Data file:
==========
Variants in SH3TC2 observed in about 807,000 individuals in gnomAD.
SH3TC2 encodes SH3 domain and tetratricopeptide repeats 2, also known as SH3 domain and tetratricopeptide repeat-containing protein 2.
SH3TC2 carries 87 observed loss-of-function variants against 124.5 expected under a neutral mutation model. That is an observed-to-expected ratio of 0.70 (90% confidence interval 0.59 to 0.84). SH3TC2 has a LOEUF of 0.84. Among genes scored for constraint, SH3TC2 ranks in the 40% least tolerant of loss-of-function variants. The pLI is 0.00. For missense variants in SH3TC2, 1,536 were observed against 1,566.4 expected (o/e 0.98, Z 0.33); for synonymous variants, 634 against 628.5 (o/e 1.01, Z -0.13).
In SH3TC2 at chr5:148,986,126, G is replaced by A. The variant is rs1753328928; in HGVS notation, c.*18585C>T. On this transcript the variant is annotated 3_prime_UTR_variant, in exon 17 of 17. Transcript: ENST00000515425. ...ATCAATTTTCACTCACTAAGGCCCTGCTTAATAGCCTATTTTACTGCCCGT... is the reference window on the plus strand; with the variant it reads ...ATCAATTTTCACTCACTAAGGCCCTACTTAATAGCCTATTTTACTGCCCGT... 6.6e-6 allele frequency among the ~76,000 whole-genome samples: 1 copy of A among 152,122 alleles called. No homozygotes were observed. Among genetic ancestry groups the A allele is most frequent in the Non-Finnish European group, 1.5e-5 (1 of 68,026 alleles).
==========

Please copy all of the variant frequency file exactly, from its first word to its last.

Variants in SH3TC2 observed in about 807,000 individuals in gnomAD.
SH3TC2 encodes SH3 domain and tetratricopeptide repeats 2, also known as SH3 domain and tetratricopeptide repeat-containing protein 2.
SH3TC2 carries 87 observed loss-of-function variants against 124.5 expected under a neutral mutation model. That is an observed-to-expected ratio of 0.70 (90% confidence interval 0.59 to 0.84). SH3TC2 has a LOEUF of 0.84. Among genes scored for constraint, SH3TC2 ranks in the 40% least tolerant of loss-of-function variants. The pLI is 0.00. For missense variants in SH3TC2, 1,536 were observed against 1,566.4 expected (o/e 0.98, Z 0.33); for synonymous variants, 634 against 628.5 (o/e 1.01, Z -0.13).
In SH3TC2 at chr5:148,986,126, G is replaced by A. The variant is rs1753328928; in HGVS notation, c.*18585C>T. On this transcript the variant is annotated 3_prime_UTR_variant, in exon 17 of 17. Transcript: ENST00000515425. ...ATCAATTTTCACTCACTAAGGCCCTGCTTAATAGCCTATTTTACTGCCCGT... is the reference window on the plus strand; with the variant it reads ...ATCAATTTTCACTCACTAAGGCCCTACTTAATAGCCTATTTTACTGCCCGT... 6.6e-6 allele frequency among the ~76,000 whole-genome samples: 1 copy of A among 152,122 alleles called. No homozygotes were observed. Among genetic ancestry groups the A allele is most frequent in the Non-Finnish European group, 1.5e-5 (1 of 68,026 alleles).